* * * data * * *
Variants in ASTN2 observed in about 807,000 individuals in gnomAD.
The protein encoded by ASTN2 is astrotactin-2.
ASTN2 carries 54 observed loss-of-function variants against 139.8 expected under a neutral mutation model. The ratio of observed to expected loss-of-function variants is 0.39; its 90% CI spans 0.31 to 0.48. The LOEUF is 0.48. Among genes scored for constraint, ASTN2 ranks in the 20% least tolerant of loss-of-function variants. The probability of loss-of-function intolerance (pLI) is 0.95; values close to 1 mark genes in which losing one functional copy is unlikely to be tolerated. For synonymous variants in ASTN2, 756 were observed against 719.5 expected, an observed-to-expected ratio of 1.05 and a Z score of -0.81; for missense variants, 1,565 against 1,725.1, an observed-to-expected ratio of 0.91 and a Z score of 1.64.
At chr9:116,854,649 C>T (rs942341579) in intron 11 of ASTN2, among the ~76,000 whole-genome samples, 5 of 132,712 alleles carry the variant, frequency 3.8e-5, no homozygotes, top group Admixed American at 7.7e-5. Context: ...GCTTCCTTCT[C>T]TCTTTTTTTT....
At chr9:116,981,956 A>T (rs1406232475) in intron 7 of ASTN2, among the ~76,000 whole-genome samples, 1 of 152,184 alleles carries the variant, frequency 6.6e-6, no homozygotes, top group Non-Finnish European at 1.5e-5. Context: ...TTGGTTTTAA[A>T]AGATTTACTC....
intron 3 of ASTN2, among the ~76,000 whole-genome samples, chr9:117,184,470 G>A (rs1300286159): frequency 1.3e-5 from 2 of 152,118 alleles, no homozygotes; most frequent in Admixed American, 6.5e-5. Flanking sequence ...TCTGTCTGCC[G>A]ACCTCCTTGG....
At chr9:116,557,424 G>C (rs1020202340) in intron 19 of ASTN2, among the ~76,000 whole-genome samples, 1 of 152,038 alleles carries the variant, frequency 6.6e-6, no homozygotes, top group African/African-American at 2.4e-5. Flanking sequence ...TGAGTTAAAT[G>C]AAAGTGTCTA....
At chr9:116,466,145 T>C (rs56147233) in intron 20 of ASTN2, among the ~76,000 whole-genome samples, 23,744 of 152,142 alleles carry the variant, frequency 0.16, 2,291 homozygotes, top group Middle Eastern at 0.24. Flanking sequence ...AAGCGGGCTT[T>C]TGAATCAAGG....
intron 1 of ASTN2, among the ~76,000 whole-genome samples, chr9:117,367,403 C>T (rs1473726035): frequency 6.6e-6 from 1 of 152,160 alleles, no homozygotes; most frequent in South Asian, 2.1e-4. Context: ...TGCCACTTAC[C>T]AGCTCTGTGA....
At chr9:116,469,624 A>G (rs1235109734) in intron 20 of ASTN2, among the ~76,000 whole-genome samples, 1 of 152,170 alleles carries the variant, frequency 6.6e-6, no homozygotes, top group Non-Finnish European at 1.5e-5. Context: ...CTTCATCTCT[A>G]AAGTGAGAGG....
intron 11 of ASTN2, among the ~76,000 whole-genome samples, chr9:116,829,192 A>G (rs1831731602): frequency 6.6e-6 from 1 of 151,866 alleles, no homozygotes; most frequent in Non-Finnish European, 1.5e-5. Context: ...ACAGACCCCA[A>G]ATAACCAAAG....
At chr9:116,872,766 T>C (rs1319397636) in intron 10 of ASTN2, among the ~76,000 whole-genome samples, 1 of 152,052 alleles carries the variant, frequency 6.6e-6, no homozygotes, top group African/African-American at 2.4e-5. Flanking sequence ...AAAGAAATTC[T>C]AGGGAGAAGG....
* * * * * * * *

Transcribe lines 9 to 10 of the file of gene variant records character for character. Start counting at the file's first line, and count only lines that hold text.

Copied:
intron 1 of ASTN2, among the ~76,000 whole-genome samples, chr9:117,367,403 C>T (rs1473726035): frequency 6.6e-6 from 1 of 152,160 alleles, no homozygotes; most frequent in South Asian, 2.1e-4. Context: ...TGCCACTTAC[C>T]AGCTCTGTGA....
At chr9:116,469,624 A>G (rs1235109734) in intron 20 of ASTN2, among the ~76,000 whole-genome samples, 1 of 152,170 alleles carries the variant, frequency 6.6e-6, no homozygotes, top group Non-Finnish European at 1.5e-5. Context: ...CTTCATCTCT[A>G]AAGTGAGAGG....